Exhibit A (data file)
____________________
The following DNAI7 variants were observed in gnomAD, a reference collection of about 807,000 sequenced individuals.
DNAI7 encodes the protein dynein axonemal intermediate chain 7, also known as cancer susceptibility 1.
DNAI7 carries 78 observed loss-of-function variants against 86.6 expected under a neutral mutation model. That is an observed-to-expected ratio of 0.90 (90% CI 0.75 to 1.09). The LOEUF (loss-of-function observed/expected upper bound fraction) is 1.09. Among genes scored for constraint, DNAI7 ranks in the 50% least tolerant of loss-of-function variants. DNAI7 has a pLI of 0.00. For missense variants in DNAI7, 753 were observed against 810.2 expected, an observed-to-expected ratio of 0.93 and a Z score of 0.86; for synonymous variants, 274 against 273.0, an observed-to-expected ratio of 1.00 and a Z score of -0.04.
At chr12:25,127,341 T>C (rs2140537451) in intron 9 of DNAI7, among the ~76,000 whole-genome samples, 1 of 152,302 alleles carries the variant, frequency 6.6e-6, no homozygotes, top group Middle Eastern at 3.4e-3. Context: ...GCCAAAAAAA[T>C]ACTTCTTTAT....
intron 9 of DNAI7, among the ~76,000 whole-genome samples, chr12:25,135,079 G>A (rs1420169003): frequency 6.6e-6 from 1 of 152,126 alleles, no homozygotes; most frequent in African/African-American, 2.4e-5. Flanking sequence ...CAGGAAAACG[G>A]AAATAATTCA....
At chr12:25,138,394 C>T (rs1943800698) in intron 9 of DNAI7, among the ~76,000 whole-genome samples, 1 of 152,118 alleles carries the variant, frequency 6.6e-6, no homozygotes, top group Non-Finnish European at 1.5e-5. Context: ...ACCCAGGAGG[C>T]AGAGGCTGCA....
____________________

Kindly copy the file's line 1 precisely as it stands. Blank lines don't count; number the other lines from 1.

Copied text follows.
The following DNAI7 variants were observed in gnomAD, a reference collection of about 807,000 sequenced individuals.